"After Meier's death, on the day of her wake, Drew showed up again to have her hair done. Chu asked Drew why she was going to the wake, given her role in the cyberbullying. Drew's response, Chu said, was, 'It's not like I pulled the trigger,'" Wired reports.
In his cross-examination of Tina Meier, Drew's lawyer
pummeled her on Megan's past internet behavior. According to Wired, before the Meiers' started monitoring Megan's internet usage closely, "Megan created a MySpace profile as an 18-year-old woman, and swapped sexually-charged banter with other users, he said, citing notes he'd obtained from Megan's psychologist." The lawyer pointed out that Megan had also violated MySpace's terms of service at one point by lying about her age.
Drew's lawyer also pointed out that Megan was taking a trio of antidepressants when she died. "One of them, the antidepressant citalopram, has a reported side affect of contributing to suicidal behavior in children and adolescents suffering from depression, he noted."
Ashley Grills, the then-18-year-old who was Lori Drew's assistant, said that the creation of the MySpace account was initially
her idea, but that Lori Drew agreed and "thought it was funny," the L.A. Times notes.
Grills said that Lori Drew was present when they agreed to the terms of service, but neither woman read them.
From the L.A. Times:
Grills testified that she, Drew and Drew's daughter were trying to figure out a way "to expose Megan" for rumors she'd allegedly been spreading about Sarah…She said Drew also helped formulate messages that were sent to Megan and at one point suggested that they have 'Josh' arrange a meeting with Megan at a local mall at which Sarah and her friends would 'pop out' and tease Megan.
This part also hurts the case of MySpace fraud against Drew: the final contact between Megan and "Josh" took place on AOL Instant Messenger, according to testimony by Grills.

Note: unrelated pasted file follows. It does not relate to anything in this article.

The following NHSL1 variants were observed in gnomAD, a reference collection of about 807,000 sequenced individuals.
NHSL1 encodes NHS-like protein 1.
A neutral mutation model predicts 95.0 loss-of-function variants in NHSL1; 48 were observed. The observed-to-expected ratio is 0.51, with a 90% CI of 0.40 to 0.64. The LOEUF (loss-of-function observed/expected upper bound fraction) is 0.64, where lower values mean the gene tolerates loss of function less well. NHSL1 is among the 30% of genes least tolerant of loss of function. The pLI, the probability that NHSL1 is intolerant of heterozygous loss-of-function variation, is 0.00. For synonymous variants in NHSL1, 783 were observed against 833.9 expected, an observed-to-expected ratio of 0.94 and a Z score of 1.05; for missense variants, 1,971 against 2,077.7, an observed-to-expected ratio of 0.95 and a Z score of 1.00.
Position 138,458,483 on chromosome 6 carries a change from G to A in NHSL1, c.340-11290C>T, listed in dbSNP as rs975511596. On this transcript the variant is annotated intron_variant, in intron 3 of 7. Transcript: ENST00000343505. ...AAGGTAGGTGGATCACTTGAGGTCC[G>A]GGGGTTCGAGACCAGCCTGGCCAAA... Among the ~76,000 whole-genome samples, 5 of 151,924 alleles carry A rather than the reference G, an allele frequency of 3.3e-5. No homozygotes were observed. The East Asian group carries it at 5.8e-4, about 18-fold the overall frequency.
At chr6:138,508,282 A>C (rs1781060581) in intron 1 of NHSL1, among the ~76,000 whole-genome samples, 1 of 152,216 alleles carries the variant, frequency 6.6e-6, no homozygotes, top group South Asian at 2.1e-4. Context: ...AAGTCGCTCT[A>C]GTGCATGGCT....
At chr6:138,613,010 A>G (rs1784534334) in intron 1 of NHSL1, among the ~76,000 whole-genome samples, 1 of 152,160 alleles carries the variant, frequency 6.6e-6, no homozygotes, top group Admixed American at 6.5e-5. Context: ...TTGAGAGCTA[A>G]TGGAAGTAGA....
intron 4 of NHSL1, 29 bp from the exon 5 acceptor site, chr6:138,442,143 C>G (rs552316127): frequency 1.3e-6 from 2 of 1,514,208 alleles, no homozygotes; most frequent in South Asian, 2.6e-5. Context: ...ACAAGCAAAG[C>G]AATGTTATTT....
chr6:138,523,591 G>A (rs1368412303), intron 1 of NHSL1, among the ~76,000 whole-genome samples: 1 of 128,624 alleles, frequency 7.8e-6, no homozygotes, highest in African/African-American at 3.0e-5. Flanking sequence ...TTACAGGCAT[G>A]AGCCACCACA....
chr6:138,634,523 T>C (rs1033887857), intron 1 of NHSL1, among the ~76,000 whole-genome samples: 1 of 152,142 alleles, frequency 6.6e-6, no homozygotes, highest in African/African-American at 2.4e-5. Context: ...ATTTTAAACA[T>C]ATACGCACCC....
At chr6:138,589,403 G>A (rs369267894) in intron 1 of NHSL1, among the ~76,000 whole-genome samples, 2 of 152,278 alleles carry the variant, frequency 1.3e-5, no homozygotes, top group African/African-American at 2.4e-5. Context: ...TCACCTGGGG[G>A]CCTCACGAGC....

Grills also testified that she had no idea that Megan had
had emotional problems in the past, until Drew told her shortly after Megan's death, "We could have pushed her overboard because she was suicidal and depressed.'"
When the Drew family and Grills got word that Megan had
killed herself, they got off the internet and turned on the TV. Shortly thereafter, Wired reports, "Curt Drew started yelling at them to get rid of the MySpace account. When asked what Lori Drew did at that moment, Grills said at first she sat quietly and was consoling her daughter, then she, too, started yelling at them to delete the account and told them not to say anything to anyone."

article courtesy of Jezebel.com

3 comments:

Paula... November 22, 2008 at 3:53 PM  

I remember this story - it hit the headlines over here as well!! My heart goes out to the mother - teenagers have so much "going on" in their heads as it is without callous people like this contributing to it.

Even if there is no conviction over this, hopefully the laws will change to stop this happening to some other poor soul.

Cheri Pryor November 23, 2008 at 1:21 PM  

Why in the world would a mother freakin' do that. Good Lord! If she would have given the "falling out" a month the girls would probably have been bff again.

I can't believe she is not being held accountable for this on a legal standpoint....but I would be willing to be she and her dd have been ostracized by the community where they live. I would hope so, anyway, especially when there is no remorse.

That just makes me sick.

Chelcie August 1, 2009 at 5:12 AM  

Not to be a heartless bitch but. I'm not going to put all of the blame on the mother of the other girl, because ofcourse it is unfortunate and it's very tacky to do something as appauling as that, the girl who hung herself should have been taught on how to be more confident and not give a care in the world of what jelouse, tacky, imature, sceeming, people say about her, he's beautiful as I see in the picture, But her mother should have raised her to be a lot stronger. My heart still goes out to the family.
---XOXOXOCHELCIE